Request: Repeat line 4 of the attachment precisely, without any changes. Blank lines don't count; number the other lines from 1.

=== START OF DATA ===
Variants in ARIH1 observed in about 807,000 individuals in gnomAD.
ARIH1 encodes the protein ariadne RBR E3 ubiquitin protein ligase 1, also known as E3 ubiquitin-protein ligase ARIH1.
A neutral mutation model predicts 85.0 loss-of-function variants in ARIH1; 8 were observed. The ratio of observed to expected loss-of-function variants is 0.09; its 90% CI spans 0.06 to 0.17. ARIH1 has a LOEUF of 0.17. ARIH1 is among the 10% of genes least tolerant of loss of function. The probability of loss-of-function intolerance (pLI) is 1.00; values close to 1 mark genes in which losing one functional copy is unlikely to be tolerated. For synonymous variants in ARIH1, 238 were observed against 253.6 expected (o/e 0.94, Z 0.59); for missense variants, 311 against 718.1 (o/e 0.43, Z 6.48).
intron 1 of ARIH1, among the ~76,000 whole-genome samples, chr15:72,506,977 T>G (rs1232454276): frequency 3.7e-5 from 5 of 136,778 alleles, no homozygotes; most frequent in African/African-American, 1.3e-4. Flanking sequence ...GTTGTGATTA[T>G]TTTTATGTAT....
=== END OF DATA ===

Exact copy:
intron 1 of ARIH1, among the ~76,000 whole-genome samples, chr15:72,506,977 T>G (rs1232454276): frequency 3.7e-5 from 5 of 136,778 alleles, no homozygotes; most frequent in African/African-American, 1.3e-4. Flanking sequence ...GTTGTGATTA[T>G]TTTTATGTAT....